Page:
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I want to define a "prefix" (D_i) covariant derivative operator CD[] for symbolic tensors in form of a function, i.e. for




should be made an assumption, an additional slot is created on the left. So far the only way I found to make this possible is defining a function

$Assumptions = {Element[v,Vectors[3, Reals]]}

CDdef[a_] := (AppendTo[$Assumptions, 
      TensorSymmetry[TensorProduct[v, a]]]];
      $Assumptions =  DeleteDuplicates[$Assumptions]; CD[a])

and effectively writing all the assumption by hand into $Assumptions. But this could generate a huge list in bigger calculations. All my attempts of the kind

$Assumptions={Element[CD[a_?SomeSymmetryQ],Arrays["one more slot"]]}

to use pattern that are at least valid for all tensors with the same symmetries have failed. Is there any effective way to proceed?

Many thanks, Hendrik

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Syntax! for starters: not $Assumptions={Element[g,Arrays[{3,3},Reals],Symmetric[{1,2}]]} but $Assumptions = Element[g, Arrays[{3, 3}, Reals, Symmetric[{1, 2}]]] –  Wouter Mar 31 at 12:59
I think this depends on if you are planning to add further assumptions later on. Or do you think starters can only use one assumption at a time? ;-) –  Hendrik Mar 31 at 13:36
that's not it, rather the closed bracket after Reals : the argument Symmetric belongs inside Arrays. –  Wouter Mar 31 at 14:20
sorry, this was just a typo that does not appear in my actual code, i will correct –  Hendrik Mar 31 at 14:54

1 Answer 1

up vote 5 down vote accepted

Good question; the notion of a tensorial (covariant) derivative is something that is missing in Mathematica AFAIK. I can think of two ways to proceed:

Option 1

One way is to overload the TensorRank, TensorDimensions, and TensorSymmetry functions for patterns that have head CD:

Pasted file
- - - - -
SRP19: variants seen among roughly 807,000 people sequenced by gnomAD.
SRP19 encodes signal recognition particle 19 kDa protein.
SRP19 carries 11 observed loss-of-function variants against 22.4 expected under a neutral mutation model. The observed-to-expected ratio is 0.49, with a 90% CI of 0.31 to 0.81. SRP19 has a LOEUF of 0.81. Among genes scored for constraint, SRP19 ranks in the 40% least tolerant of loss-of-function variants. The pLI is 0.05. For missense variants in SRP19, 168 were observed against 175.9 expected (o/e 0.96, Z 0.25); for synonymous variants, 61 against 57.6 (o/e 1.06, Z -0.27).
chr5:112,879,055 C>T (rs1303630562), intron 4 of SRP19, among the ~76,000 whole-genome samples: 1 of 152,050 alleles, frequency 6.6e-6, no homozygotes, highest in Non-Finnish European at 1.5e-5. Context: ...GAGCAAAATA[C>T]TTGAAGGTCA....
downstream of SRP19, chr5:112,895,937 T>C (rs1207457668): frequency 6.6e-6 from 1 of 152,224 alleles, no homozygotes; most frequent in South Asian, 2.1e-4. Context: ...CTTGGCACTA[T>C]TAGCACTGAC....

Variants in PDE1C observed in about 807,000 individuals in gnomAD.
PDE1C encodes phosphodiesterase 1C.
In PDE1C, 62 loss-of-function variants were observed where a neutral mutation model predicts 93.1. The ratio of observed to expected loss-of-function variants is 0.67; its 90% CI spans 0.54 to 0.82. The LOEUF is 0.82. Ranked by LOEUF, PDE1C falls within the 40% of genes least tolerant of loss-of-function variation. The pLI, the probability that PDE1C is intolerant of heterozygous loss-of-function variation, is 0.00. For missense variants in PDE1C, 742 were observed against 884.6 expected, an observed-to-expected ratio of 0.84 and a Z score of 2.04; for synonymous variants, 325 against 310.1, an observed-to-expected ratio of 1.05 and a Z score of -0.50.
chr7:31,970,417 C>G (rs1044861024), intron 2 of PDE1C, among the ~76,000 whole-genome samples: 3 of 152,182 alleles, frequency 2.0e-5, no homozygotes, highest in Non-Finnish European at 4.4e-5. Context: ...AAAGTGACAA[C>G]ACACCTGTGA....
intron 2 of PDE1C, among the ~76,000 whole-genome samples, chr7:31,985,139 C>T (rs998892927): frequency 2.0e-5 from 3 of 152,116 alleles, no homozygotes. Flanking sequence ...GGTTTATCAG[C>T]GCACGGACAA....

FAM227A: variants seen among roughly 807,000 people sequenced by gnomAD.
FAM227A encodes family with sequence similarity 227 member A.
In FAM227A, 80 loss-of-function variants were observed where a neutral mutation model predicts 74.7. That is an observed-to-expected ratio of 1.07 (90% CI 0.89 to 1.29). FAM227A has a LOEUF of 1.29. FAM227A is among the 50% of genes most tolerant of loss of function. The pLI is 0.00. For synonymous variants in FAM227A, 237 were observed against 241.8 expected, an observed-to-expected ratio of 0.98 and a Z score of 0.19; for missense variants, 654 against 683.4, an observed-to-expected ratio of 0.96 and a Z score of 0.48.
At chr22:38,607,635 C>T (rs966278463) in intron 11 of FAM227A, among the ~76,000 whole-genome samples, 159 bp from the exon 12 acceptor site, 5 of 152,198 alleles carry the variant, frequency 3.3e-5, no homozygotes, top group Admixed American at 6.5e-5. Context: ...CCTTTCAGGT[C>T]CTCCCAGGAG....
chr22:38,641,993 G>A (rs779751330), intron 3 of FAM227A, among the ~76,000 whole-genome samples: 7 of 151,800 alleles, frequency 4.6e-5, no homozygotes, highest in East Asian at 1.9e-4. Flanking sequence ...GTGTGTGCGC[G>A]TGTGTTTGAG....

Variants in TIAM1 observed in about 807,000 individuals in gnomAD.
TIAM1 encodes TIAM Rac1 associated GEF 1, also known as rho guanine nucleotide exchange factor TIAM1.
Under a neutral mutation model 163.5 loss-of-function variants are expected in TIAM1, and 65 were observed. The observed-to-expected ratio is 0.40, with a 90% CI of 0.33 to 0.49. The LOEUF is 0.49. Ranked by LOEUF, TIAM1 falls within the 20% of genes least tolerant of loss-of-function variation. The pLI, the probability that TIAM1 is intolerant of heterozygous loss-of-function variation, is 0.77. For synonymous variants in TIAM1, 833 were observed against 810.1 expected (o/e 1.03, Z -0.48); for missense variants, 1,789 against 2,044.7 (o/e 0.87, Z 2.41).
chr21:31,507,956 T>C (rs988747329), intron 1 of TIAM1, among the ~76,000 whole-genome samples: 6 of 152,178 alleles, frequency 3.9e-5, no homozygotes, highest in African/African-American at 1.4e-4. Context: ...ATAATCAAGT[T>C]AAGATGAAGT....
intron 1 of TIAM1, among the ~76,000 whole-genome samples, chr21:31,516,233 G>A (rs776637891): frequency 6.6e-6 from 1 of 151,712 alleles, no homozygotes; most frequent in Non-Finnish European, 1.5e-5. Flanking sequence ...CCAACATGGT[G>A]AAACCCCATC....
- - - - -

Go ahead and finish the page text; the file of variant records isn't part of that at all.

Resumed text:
CD /: TensorRank[CD[tensor_]] := TensorRank[tensor] + 1

CD /: TensorDimensions[CD[tensor_]] := Join[{First[#]}, #]& @ TensorDimensions[tensor]

CD /: TensorSymmetry[CD[tensor_]] := TensorSymmetry[tensor] /.
  (h : (Cycles | Symmetric | Antisymmetric))[list_List] :> h[list + 1]

Note that this is a bit rough on the edges and gives incorrect results if tensor hasn't been defined as a tensor or is a scalar, but it shouldn't be too hard to improve the code.

The following then works as expected:

$Assumptions = m ∈ Matrices[{4, 4}, Reals, Symmetric[{1, 2}]];

{4, 4, 4}
TensorReduce@TensorTranspose[CD@m, {1, 3, 2}]

Option 2

However, if your covariant derivatives is commutative (like for instance the partial derivative), a better way would be to simply define it as a vector:

$Assumptions = CD ∈ Vectors[4, Reals] && m ∈ Matrices[{4, 4}, Reals, Symmetric[{1, 2}]]

If you like the CD[tensor] notation, you may even define

CD[tensor_] := TensorProduct[CD, tensor]

All the above commands then give the same result. In addition, multiple derivatives are symmetric:

{{Cycles[{{1, 2}}], 1}, {Cycles[{{3, 4}}], 1}}

So only use this if your derivatives actually commute!

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Since I want to consider non-commuting derivatives I favour option one. Many thanks for this very useful solution!!! Any details about exceptions I will hopefully be able to figure out on my own. –  Hendrik Jul 22 at 13:40
I think there is an issue with option 2, even if the derivative can be assumed commutative: It will always act on everything on the right. This is because the tensor product is associative, and brackets have no effect. So there is no way to distinguish between D_i A_j B_k = (D_i A_j) B_k + A_j (D_i B_k) and (D_i A_j) B_k –  Hendrik Aug 7 at 13:24
@Hendrik Yes, that's indeed an issue with option 2. So you can't write CD*T*CD*T (where * is the TensorProduct) to mean (CD@T)*(CD@T) -- yet another reason to opt for option 1! –  Teake Nutma Aug 7 at 13:36

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